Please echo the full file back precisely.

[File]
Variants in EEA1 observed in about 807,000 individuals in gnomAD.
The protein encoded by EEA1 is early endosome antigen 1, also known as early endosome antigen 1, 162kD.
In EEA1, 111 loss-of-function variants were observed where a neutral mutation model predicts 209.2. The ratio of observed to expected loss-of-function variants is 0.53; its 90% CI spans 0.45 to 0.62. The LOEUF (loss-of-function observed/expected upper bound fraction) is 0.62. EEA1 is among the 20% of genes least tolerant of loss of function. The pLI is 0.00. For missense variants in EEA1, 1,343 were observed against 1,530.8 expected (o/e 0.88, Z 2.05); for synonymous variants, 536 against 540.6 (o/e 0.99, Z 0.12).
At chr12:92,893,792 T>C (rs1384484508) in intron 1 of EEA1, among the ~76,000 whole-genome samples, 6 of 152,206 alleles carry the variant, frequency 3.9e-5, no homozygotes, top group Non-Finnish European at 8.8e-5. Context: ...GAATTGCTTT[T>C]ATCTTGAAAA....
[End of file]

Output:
Variants in EEA1 observed in about 807,000 individuals in gnomAD.
The protein encoded by EEA1 is early endosome antigen 1, also known as early endosome antigen 1, 162kD.
In EEA1, 111 loss-of-function variants were observed where a neutral mutation model predicts 209.2. The ratio of observed to expected loss-of-function variants is 0.53; its 90% CI spans 0.45 to 0.62. The LOEUF (loss-of-function observed/expected upper bound fraction) is 0.62. EEA1 is among the 20% of genes least tolerant of loss of function. The pLI is 0.00. For missense variants in EEA1, 1,343 were observed against 1,530.8 expected (o/e 0.88, Z 2.05); for synonymous variants, 536 against 540.6 (o/e 0.99, Z 0.12).
At chr12:92,893,792 T>C (rs1384484508) in intron 1 of EEA1, among the ~76,000 whole-genome samples, 6 of 152,206 alleles carry the variant, frequency 3.9e-5, no homozygotes, top group Non-Finnish European at 8.8e-5. Context: ...GAATTGCTTT[T>C]ATCTTGAAAA....